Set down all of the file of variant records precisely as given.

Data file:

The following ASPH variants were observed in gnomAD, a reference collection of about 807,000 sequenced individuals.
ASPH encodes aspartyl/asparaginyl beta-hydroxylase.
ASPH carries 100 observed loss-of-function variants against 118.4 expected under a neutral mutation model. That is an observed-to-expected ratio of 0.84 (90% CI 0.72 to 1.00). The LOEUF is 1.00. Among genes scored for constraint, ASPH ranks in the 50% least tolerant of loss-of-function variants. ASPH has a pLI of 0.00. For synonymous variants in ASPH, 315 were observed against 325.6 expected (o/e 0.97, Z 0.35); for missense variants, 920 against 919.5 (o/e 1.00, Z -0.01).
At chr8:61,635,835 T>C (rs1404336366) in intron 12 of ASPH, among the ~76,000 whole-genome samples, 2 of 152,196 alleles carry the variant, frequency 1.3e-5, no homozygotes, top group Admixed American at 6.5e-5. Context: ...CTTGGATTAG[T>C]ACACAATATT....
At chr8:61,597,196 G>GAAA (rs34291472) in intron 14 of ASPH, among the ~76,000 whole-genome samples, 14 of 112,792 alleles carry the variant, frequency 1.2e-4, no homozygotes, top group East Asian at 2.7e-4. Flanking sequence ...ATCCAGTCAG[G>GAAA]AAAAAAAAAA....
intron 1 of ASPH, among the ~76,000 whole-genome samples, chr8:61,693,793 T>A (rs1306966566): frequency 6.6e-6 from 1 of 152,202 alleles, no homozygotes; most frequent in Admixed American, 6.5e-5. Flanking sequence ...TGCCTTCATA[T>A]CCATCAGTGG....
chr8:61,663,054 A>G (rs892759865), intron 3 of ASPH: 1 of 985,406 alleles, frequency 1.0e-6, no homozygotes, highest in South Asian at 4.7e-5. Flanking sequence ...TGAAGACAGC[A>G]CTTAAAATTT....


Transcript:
The following ASPH variants were observed in gnomAD, a reference collection of about 807,000 sequenced individuals.
ASPH encodes aspartyl/asparaginyl beta-hydroxylase.
ASPH carries 100 observed loss-of-function variants against 118.4 expected under a neutral mutation model. That is an observed-to-expected ratio of 0.84 (90% CI 0.72 to 1.00). The LOEUF is 1.00. Among genes scored for constraint, ASPH ranks in the 50% least tolerant of loss-of-function variants. ASPH has a pLI of 0.00. For synonymous variants in ASPH, 315 were observed against 325.6 expected (o/e 0.97, Z 0.35); for missense variants, 920 against 919.5 (o/e 1.00, Z -0.01).
At chr8:61,635,835 T>C (rs1404336366) in intron 12 of ASPH, among the ~76,000 whole-genome samples, 2 of 152,196 alleles carry the variant, frequency 1.3e-5, no homozygotes, top group Admixed American at 6.5e-5. Context: ...CTTGGATTAG[T>C]ACACAATATT....
At chr8:61,597,196 G>GAAA (rs34291472) in intron 14 of ASPH, among the ~76,000 whole-genome samples, 14 of 112,792 alleles carry the variant, frequency 1.2e-4, no homozygotes, top group East Asian at 2.7e-4. Flanking sequence ...ATCCAGTCAG[G>GAAA]AAAAAAAAAA....
intron 1 of ASPH, among the ~76,000 whole-genome samples, chr8:61,693,793 T>A (rs1306966566): frequency 6.6e-6 from 1 of 152,202 alleles, no homozygotes; most frequent in Admixed American, 6.5e-5. Flanking sequence ...TGCCTTCATA[T>A]CCATCAGTGG....
chr8:61,663,054 A>G (rs892759865), intron 3 of ASPH: 1 of 985,406 alleles, frequency 1.0e-6, no homozygotes, highest in South Asian at 4.7e-5. Flanking sequence ...TGAAGACAGC[A>G]CTTAAAATTT....